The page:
Asians on phenytoin at high skin reaction risk.
The Food and Drug Administration is investigating preliminary data indicating that people who have the human leukocyte antigen allele HLA-B*1052 may be at a greater risk of developing Stevens-Johnson syndrome and toxic epidermal necrolysis during treatment with phenytoin or fosphenytoin.
The allele is found "almost exclusively in patients with ancestry across broad areas of Asia, including Han Chinese, Filipinos, Malaysians, South Asian Indians, and Thais," the FDA announced in a posting on the agency's MedWatch site in November.
Until the FDA completes the evaluation, "health care providers should consider avoiding phenytoin and fosphenytoin as alternatives for carbamazepine in patients who test positive for HLAB*1502," the FDA advised.
In December 2007, the FDA announced that people of Asian ancestry with the same allele who were taking carbamazepine were at an increased risk of Stevens-Johnson syndrome (SJS) and and toxic epidermal necrolysis (TEN).
The label for carbamazepine now reads that testing for the allele is recommended when considering using carbamazepine in a patient who fits any of the categories, and that if it is present, it should not be used "unless the benefits clearly outweigh the risks," according to the FDA.
However, because the potential risks associated with phenytoin and fosphenytoin still are being investigated, "there is not yet enough information to recommend testing" for the allele in patients of Asian ancestry being considered for treatment with one of these two antiepileptic drugs.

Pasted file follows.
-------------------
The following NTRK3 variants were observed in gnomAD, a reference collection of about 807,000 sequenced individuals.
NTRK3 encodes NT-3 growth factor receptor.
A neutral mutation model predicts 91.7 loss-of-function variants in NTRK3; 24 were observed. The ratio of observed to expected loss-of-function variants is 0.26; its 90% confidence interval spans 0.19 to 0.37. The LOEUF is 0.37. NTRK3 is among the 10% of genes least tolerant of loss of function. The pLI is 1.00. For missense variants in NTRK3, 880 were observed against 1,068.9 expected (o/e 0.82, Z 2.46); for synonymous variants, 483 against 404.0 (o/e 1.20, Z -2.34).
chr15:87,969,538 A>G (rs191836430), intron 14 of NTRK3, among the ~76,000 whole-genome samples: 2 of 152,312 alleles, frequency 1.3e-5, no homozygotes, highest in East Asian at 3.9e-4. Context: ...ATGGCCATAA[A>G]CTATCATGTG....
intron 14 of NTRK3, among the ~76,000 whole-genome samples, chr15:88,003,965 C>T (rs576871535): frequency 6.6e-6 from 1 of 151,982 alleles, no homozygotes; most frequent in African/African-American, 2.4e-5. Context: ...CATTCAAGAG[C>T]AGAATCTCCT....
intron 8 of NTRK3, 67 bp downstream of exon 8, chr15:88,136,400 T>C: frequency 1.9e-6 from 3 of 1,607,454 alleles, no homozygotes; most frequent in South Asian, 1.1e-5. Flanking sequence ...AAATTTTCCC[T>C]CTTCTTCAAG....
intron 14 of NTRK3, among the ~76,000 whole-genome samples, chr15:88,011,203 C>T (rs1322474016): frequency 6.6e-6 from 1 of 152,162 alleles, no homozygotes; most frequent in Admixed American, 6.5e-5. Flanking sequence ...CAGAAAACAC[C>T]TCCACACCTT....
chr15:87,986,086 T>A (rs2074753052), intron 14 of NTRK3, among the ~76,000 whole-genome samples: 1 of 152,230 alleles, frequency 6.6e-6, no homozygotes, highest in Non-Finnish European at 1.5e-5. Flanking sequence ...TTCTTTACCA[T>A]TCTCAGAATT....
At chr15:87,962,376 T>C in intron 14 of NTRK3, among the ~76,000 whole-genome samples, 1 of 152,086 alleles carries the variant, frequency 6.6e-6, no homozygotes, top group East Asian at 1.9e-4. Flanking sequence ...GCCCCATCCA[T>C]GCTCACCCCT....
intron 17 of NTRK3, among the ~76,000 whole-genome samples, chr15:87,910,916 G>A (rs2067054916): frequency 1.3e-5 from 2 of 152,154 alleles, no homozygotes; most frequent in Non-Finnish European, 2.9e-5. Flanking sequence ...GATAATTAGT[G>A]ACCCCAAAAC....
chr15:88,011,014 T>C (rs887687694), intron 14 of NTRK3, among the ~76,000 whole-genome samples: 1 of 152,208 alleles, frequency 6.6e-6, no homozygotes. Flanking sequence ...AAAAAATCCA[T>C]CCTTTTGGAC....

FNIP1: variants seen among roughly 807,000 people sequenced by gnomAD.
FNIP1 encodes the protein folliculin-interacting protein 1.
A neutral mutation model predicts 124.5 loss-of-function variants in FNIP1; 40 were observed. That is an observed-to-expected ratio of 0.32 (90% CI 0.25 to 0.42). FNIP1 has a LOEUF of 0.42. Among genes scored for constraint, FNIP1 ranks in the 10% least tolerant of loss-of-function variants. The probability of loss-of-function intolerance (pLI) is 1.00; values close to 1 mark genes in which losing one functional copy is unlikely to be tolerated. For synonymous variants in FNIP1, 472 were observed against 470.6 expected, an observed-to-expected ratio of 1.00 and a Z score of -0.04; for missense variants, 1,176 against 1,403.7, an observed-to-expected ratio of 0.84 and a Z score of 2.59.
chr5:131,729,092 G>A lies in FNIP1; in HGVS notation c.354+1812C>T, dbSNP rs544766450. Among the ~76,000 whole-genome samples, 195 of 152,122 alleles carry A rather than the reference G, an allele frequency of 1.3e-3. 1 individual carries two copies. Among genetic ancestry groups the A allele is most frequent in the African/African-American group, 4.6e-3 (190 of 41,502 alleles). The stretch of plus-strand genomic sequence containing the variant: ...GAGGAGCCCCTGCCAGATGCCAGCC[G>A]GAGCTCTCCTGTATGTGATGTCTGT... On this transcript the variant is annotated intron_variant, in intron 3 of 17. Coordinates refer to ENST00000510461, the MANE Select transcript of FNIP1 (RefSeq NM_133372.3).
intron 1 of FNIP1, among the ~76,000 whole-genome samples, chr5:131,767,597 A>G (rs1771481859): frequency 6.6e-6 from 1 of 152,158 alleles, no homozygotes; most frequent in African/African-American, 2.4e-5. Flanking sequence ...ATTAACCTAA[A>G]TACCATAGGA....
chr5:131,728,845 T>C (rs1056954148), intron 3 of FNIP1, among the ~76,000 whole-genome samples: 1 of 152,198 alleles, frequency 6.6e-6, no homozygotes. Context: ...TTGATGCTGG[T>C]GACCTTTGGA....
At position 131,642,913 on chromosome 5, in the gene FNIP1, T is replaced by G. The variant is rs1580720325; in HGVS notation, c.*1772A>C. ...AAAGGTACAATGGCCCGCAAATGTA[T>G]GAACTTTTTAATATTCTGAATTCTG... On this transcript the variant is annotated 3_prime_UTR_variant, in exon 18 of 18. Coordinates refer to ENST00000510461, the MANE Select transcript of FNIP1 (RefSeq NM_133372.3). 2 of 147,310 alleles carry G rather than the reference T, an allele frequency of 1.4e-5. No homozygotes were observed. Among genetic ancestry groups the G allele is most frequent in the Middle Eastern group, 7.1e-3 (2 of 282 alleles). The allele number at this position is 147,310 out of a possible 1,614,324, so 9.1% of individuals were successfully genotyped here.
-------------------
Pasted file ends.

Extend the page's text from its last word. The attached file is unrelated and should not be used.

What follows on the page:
An estimated 10%-15% of people in parts of China, Thailand, Malaysia, Indonesia, the Philippines, and Taiwan may have this allele.
An average 2%-4% of South Asians, including Indians, "appear" to have the allele, but the rate may be higher in some groups, according to the statement from the agency.
The frequency of the allele appears to be low--less than 1%--among people in Japan and Korea.
The risk of serious skin reactions with these two drugs appears to be at its highest during the first months of treatment, which is also true for carbamazepine. More than 90% of people who have had a skin reaction with carbamazepine had it during the first months of treatment, whereas people who have been treated with the drug for a longer period "are at low risk of developing this reaction," according to the FDA.
Phenytoin is marketed as Dilantin, Phenytex, and in generic formulations as well. Fosphenytoin, marketed as Cerebyx and also in generic formulations, is a prodrug of phenytoin.
The FDA is analyzing data from a study that reported that four of four Thai patients who developed SJS during treatment with phenytoin had the HLAB*1502 allele.
However, only 18% of a control group of people who were able to tolerate phenytoin tested positive for the allele (Epilepsia 2008;49:2087-91).
The FDA said in its statement that it plans to provide updates on this issue as more information becomes available.
A link to the notice as well as related information is available at www.fda.gov / medwatch /safety/2008/safety08.htm# Phenytoin.
Serious or unexpected adverse events associated with these drugs can be reported to MedWatch at 800-332-1088 or www.fda. gov/medwatch/report.htm.
BY ELIZABETH MECHCATIE
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|Title Annotation:||SKIN DISORDERS|
|Publication:||Family Practice News|
|Date:||Jan 15, 2009|
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